The Shooter (Only)

Kerry Kittles had a hard time finding a home in the NBA before or after the Kidd-era Nets. The guy was perfectly suited for his role on Kidd's team, which gave him plenty of wide open 3-point shots in the fastbreak offense and asked him to play tough defense and have active hands. He couldn't really do much more than that, and he also had a hard time staying healthy.

I'm not going to compare Kittles to J.J. Reddick, because Reddick has a more complete game than that. He'd be a good comparison for Jared Dudley, except that Dudley has a bit more to his game than that and is also a bit bigger. I'll compare Kittles to Randy Foye, or maybe even Willie Green. Is that fair?

(Bonus points here if you care to compare Dudley to Keith Van Horn.)

The Interior Defender

Jason Collins, yes that Jason Collins, acted as a Center for a Nets team that made it to back-to-back NBA Finals in Kidd's first two years in New Jersey. He wasn't much of an offensive player, averaging about 6 points per game on put-backs, but his defense is why he was kept out there. His 3.0 Defensive Win Share and 4.7 total Win Share figures from 2002-2003 look awfully similar to the numbers that DeAndre Jordan has put up in recent seasons before breaking out in the first half of this year.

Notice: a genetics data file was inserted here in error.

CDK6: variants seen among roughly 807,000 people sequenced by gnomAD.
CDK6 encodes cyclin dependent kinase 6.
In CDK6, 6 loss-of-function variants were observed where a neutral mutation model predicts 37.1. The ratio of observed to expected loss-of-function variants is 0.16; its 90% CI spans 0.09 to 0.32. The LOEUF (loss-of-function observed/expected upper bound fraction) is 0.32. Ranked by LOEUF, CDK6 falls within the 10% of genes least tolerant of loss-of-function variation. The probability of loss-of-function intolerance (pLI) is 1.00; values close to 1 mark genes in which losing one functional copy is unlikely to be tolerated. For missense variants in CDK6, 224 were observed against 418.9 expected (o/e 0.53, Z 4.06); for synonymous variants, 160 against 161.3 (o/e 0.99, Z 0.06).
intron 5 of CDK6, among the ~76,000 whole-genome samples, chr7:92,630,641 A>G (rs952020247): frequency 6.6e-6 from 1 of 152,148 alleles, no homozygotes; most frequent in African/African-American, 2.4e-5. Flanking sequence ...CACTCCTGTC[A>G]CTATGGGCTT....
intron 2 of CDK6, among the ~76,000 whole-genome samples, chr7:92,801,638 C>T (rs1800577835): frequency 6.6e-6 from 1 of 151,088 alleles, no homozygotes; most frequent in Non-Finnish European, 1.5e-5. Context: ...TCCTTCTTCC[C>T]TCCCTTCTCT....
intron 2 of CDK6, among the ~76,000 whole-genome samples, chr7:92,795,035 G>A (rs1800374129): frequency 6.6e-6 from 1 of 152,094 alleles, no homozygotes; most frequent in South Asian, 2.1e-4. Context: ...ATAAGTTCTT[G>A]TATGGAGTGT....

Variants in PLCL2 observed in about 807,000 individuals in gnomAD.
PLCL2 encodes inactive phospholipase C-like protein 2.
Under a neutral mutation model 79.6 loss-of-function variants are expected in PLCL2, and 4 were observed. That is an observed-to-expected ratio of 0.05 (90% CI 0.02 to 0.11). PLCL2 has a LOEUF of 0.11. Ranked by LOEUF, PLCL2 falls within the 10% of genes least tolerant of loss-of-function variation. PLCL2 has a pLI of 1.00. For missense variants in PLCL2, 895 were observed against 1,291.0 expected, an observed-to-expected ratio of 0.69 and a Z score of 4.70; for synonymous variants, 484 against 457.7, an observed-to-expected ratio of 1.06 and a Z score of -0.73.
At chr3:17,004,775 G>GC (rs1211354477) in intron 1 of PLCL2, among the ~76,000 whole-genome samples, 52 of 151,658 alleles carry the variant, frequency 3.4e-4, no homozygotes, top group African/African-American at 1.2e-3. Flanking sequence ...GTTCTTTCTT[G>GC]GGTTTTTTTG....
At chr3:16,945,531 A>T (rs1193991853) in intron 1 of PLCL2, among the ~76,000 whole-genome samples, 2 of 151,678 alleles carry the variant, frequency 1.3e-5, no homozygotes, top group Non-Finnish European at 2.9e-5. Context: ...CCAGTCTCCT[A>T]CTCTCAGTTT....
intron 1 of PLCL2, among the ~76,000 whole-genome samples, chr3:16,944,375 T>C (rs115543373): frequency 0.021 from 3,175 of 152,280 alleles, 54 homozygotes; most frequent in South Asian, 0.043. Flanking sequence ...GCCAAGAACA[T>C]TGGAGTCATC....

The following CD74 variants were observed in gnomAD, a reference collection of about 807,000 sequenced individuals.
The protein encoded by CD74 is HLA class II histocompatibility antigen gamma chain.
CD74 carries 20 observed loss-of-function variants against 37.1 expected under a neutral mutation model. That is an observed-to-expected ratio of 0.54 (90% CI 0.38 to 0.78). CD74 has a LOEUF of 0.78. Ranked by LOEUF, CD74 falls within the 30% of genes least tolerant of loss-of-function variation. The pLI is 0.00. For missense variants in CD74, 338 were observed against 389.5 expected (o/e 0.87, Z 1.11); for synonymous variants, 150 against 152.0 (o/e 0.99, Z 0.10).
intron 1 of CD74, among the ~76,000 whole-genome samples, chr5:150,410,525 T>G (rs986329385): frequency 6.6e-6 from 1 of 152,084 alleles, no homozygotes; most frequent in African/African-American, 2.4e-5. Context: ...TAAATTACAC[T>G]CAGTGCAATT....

So, why are we here?

Why am I sharing all of this information with you? I don't know. I suppose because I'm having fun with the comparisons (both coaches were ex-players know for their defense!) and thought others might too. Also, the same things that always worried me about the Nets (lack of playmakers in the halfcourt offense; a reliance on the PG to move the ball) have now worried me about the Clippers in the last two seasons.

For the Nets, they were able to make the finals for two years because the East was so terrible, and their reward was getting blown out by the Lakers (filled with halfcourt playmakers) and the Spurs (who can move the ball without relying on the PG).

At this point, this comparison means nothing. We're locked in for the ride. Although I suppose I can take solace in the fact that J.J. Reddick seems like he could very well be the piece the Clippers, and those old Nets teams, have been missing in the playoffs.

There. Rant over. Now let us never compare CP3 to Jason Kidd ever again.